Exhibit 3: CEO Compensation

Source: Enlight Research, LLC

Of course CEO Compensation tied to incentives is only a positive for shareholders if it is tied to appropriate targets. A board can set a substantial incentive structure but negate it with easy to reach targets or limited downside. Shareholders of Johnson & Johnson have signaled some resistance to the compensation package with the lowest Say on Pay approval of the peer set in 2016. Still, approval was 93.3% so it is a good ways from true shareholder discontent levels. It was only a few years ago, 2012, when Johnson & Johnson received 56% shareholder approval so the recent trend downwards, if it continues, could become an issue if unaddressed.

Director Compensation

Board Compensation is pretty aligned with the peer set, with a fairly even split between directors' fees and long-term incentives. Overall compensation is middle of the pack.

Exhibit 4: Director Compensation

Source: Enlight Research, LLC

Board Diversity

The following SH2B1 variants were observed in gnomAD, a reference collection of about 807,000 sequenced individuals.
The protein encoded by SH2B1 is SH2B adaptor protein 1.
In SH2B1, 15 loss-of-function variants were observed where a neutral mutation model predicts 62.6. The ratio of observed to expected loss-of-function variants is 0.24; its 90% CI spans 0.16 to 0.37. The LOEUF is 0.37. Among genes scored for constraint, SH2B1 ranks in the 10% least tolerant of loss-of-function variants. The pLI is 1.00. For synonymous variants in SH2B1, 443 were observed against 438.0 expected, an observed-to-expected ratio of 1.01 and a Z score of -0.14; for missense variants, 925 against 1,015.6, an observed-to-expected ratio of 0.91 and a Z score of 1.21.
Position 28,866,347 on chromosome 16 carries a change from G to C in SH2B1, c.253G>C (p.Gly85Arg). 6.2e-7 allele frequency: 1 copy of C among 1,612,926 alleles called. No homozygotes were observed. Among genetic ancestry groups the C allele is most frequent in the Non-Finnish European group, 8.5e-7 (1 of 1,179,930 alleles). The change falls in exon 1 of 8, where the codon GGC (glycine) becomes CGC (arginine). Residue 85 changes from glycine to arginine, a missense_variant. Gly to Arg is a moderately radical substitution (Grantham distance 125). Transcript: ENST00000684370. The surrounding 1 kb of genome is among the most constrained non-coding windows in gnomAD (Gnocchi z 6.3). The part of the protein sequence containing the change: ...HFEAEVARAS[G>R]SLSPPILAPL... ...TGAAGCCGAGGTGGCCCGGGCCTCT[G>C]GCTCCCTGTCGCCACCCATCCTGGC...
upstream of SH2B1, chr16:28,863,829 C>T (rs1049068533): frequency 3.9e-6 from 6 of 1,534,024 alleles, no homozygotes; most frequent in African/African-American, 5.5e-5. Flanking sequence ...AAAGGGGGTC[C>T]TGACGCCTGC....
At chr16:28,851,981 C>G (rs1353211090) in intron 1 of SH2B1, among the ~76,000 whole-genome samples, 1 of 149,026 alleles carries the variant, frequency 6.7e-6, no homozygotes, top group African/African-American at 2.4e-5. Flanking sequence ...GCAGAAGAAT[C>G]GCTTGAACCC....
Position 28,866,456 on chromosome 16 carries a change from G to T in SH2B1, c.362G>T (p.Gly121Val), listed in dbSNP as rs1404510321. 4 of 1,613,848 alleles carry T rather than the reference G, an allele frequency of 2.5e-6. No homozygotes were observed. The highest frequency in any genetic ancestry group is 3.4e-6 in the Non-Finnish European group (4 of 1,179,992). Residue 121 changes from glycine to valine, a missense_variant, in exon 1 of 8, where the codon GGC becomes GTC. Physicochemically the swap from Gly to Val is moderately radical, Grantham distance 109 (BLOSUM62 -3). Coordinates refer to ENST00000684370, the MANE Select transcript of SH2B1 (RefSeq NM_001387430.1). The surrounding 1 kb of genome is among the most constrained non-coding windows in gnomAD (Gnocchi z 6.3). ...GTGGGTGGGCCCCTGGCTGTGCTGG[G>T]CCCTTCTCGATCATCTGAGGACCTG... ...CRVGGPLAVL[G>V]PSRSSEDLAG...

Exhibit 5: Board Diversity

Source: Enlight Research, LLC

Johnson & Johnson, as well as the industry as a whole, are leaders in board gender diversity compared to the overall market. Johnson & Johnson seats 27% female directors and the peers are mostly in line with that figure. Women, according to the 20% by 2020 mid-2016 study, accounted for 17.9% of directors in the Fortune 1000. The goal of the 20% by 2020 campaign is to reach 20% women representation on the boards of the Fortune 1000. SEC Chair Mary Jo White recently reinforced her increasing focus on board diversity saying -

"Diversity on boards, and in organizations more generally, is very important to me and I have not shied away from expressing my strong views on the topic. As a former member of a public company board and its audit committee, I have seen first-hand what the research is telling us-boards with diverse members function better and are correlated with better company performance. This is precisely why investors have - and should have - an interest in diversity disclosure about board members and nominees."

Regardless of mixed performance or fairness arguments related to board diversity, shareholders at companies beyond potential thresholds are in more stable position should institutional investors, proxy advisors or regulators exert pressure to meet board diversity thresholds. Speaking of such pressures, here is a quick rundown of the increasing efforts from major stakeholders to push board diversity.

Board Skills Matrix